Scenario Thinking


The Vision statement is a lodestar, it is a guide in difficult times. Therefore, it needs to factor in a multiplicity of situations and circumstances that could possibly prevail, for it to have an overarching relevance. Some of the possible scenarios could be revolutionary, evolutionary, cyclical, growing expansion, generational shifts and so on.


When Sam Palmisano, former CEO of IBM was asked what worried him the most; after some silence, he said, “what worried him the most was to miss a major technological shift.” With the pace of technological and macroeconomic changes, missing one such shift could render even the largest of organisations, irrelevant. Hence the vision has to have answers for changes and changes on the horizon. When you dream, you should dream big. Similarly, when you envision something for your business, you do not have to limit your vision to something which seems possible. Think outside the box, be unique and try to see beyond the limits. If you are able to do that, then your business will definitely grow and your business will stay at the forefront of innovation.


Tell a Story


The vision needs to connect deeply with the employees and stakeholders. It is not enough to know it, but it must make an emotional impact. It must inspire us. Generally, most people, deep down want to do things which has a lasting impact, and not just a transactional blip in time. For example, many companies which have grown quickly have had a stirring vision statement. MakeMyTrip, the travel company has a tagline saying, not that they help people travel, but ‘We help you to make memories’. One simple statement moves the perspective away from the mundane to the inspirational.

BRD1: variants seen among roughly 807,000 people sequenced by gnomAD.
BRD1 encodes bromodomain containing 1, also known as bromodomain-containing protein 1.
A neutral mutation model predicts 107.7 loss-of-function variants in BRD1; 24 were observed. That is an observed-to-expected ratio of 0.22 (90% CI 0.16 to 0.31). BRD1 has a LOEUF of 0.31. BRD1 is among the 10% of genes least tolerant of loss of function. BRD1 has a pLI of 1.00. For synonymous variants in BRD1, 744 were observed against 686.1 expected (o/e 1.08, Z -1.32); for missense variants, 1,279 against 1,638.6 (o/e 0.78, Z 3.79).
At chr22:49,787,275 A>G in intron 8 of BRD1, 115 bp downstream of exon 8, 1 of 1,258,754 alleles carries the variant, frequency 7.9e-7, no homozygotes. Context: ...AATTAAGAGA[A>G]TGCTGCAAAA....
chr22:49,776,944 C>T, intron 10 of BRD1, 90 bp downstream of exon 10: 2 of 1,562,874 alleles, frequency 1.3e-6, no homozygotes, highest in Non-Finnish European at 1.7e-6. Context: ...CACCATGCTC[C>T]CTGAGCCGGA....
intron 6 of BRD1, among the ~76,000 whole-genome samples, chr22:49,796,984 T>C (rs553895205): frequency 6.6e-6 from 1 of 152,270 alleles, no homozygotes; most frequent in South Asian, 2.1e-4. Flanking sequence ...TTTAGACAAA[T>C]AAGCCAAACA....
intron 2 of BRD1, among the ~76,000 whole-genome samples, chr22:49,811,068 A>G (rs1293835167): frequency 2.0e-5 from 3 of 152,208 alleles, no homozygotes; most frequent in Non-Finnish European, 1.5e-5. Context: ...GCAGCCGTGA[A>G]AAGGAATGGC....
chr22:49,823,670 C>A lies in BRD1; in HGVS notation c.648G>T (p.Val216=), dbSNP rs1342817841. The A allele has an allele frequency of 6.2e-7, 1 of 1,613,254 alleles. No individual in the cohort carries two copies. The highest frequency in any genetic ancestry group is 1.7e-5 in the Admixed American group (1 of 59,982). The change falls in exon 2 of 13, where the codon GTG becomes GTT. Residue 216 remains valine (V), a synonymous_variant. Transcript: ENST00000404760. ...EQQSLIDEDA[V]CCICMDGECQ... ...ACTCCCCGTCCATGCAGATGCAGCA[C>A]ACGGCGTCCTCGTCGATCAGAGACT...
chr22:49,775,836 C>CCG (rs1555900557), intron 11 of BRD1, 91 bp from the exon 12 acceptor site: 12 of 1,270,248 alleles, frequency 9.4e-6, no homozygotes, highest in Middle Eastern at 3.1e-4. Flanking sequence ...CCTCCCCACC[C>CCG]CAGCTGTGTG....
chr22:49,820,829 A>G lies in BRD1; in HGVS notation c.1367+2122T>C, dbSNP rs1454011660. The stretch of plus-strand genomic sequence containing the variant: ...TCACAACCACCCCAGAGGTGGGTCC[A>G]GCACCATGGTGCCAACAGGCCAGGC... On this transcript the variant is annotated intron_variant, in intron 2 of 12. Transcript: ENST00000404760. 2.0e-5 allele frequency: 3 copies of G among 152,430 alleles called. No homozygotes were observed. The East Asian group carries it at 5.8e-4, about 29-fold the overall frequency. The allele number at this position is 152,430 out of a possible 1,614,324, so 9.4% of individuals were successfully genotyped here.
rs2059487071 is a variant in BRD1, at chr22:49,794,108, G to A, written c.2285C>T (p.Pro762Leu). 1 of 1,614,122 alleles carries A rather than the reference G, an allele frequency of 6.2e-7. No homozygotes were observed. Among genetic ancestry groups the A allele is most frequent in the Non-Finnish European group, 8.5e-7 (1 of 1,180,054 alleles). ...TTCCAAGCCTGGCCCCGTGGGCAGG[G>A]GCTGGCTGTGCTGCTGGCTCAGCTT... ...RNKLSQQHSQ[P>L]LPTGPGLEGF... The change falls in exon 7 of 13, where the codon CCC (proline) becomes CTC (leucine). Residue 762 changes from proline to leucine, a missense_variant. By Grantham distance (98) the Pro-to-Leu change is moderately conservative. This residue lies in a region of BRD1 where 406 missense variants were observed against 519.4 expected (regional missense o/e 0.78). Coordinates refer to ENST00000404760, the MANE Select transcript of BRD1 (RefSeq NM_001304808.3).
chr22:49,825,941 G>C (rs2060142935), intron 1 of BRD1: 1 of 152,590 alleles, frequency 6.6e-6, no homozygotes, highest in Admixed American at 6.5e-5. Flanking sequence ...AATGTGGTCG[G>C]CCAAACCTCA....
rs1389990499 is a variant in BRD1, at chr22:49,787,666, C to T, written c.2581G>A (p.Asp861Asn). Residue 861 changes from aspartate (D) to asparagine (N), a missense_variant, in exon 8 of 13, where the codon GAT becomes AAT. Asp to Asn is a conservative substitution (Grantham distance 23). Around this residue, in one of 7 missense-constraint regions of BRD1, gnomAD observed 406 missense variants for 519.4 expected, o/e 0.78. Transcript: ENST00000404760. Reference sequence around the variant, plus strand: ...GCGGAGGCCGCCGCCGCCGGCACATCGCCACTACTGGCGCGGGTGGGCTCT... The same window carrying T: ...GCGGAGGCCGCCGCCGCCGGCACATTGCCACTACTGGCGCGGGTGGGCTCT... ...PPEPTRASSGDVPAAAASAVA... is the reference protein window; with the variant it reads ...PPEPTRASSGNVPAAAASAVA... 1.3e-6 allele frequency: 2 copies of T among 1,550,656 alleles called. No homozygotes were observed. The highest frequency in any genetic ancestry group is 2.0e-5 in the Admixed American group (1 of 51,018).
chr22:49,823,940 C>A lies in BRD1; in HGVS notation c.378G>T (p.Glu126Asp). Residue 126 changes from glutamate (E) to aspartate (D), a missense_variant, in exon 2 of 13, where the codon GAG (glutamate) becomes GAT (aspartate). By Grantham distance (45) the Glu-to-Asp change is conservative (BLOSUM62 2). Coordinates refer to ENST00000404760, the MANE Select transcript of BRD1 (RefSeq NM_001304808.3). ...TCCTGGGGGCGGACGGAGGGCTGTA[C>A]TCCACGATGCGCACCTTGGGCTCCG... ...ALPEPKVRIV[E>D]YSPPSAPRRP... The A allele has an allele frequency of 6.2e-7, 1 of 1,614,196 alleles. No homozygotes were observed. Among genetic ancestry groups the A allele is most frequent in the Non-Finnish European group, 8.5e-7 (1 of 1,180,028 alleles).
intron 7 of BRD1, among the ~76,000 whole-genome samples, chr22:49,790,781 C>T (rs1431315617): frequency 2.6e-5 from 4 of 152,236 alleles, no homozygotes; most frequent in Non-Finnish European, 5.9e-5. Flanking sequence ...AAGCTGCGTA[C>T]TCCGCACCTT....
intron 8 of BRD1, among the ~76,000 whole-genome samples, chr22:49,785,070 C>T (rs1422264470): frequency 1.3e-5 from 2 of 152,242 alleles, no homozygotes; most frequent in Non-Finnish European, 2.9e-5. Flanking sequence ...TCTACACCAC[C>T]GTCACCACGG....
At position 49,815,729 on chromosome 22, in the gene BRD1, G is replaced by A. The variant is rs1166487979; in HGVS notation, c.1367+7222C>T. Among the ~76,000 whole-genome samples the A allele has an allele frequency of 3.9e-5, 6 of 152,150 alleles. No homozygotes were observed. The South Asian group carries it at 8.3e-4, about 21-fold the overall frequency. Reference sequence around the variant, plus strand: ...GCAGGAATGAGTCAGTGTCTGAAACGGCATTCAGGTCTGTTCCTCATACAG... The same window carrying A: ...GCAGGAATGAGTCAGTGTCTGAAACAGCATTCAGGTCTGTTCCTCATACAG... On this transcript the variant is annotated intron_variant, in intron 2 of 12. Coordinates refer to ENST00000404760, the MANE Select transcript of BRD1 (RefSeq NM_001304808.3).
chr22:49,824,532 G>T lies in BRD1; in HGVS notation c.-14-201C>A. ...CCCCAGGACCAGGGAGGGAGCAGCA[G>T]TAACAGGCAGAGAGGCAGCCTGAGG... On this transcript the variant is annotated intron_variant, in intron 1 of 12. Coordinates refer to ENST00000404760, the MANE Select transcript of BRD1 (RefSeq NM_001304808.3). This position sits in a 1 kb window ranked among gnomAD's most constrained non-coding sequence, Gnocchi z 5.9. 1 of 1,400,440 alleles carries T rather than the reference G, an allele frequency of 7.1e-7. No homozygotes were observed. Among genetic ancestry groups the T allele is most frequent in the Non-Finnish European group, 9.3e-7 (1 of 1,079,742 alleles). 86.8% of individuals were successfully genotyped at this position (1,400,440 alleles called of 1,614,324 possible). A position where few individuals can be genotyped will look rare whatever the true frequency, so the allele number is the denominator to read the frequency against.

Most successful businesses have real meaning in some shape or form. For example, at the most basic level, clothes shops help their customers stay warm, and at a more sophisticated level, they can help their customers feel good about themselves and make them more attractive to other people. Software developers create apps that make their users’ lives easier, and empower them to do things that were never before possible. And garbage collectors keep the environment clean and help people stay healthy and disease-free.


All of these jobs have real, motivating meaning to a greater or lesser extent, but the key point is to bring it out succinctly.


To conclude, as the American writer Max DePree said, “Management has a lot to do with answers. Leadership is a function of questions. And the first question for a leader always is: ‘Who do we intend to be?’ Not ‘What are we going to do?’ but ‘Who do we intend to be?” If there is clarity on where you want to go, chances are, you are already halfway there.


Dipankar Das is the author of Cracking the CSAT Code at the Call Centre. He has worked in diverse organisations, including Genpact, Concentrix and Tata Projects Ltd. He is currently Sr Vice President and Global Head of Skill Development at iSON Experiences.